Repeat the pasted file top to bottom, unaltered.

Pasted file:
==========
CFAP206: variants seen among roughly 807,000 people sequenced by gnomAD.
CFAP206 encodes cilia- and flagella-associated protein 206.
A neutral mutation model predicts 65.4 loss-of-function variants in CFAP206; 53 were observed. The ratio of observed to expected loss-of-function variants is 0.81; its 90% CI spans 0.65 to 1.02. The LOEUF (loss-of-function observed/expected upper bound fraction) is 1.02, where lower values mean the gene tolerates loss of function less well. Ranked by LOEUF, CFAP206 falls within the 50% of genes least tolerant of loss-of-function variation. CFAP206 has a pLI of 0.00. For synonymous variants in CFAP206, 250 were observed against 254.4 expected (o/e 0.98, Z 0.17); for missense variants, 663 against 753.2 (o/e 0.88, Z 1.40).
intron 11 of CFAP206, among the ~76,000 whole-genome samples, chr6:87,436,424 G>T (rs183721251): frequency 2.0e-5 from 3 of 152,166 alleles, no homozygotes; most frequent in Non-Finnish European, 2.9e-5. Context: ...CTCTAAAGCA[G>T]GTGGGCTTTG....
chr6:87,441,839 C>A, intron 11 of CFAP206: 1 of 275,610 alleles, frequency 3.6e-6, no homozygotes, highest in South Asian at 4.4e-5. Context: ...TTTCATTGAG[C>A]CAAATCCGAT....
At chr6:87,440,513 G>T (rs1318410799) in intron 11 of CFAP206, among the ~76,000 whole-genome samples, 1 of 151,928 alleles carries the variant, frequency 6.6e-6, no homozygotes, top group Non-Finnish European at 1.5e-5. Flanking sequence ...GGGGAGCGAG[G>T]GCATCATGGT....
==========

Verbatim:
CFAP206: variants seen among roughly 807,000 people sequenced by gnomAD.
CFAP206 encodes cilia- and flagella-associated protein 206.
A neutral mutation model predicts 65.4 loss-of-function variants in CFAP206; 53 were observed. The ratio of observed to expected loss-of-function variants is 0.81; its 90% CI spans 0.65 to 1.02. The LOEUF (loss-of-function observed/expected upper bound fraction) is 1.02, where lower values mean the gene tolerates loss of function less well. Ranked by LOEUF, CFAP206 falls within the 50% of genes least tolerant of loss-of-function variation. CFAP206 has a pLI of 0.00. For synonymous variants in CFAP206, 250 were observed against 254.4 expected (o/e 0.98, Z 0.17); for missense variants, 663 against 753.2 (o/e 0.88, Z 1.40).
intron 11 of CFAP206, among the ~76,000 whole-genome samples, chr6:87,436,424 G>T (rs183721251): frequency 2.0e-5 from 3 of 152,166 alleles, no homozygotes; most frequent in Non-Finnish European, 2.9e-5. Context: ...CTCTAAAGCA[G>T]GTGGGCTTTG....
chr6:87,441,839 C>A, intron 11 of CFAP206: 1 of 275,610 alleles, frequency 3.6e-6, no homozygotes, highest in South Asian at 4.4e-5. Context: ...TTTCATTGAG[C>A]CAAATCCGAT....
At chr6:87,440,513 G>T (rs1318410799) in intron 11 of CFAP206, among the ~76,000 whole-genome samples, 1 of 151,928 alleles carries the variant, frequency 6.6e-6, no homozygotes, top group Non-Finnish European at 1.5e-5. Flanking sequence ...GGGGAGCGAG[G>T]GCATCATGGT....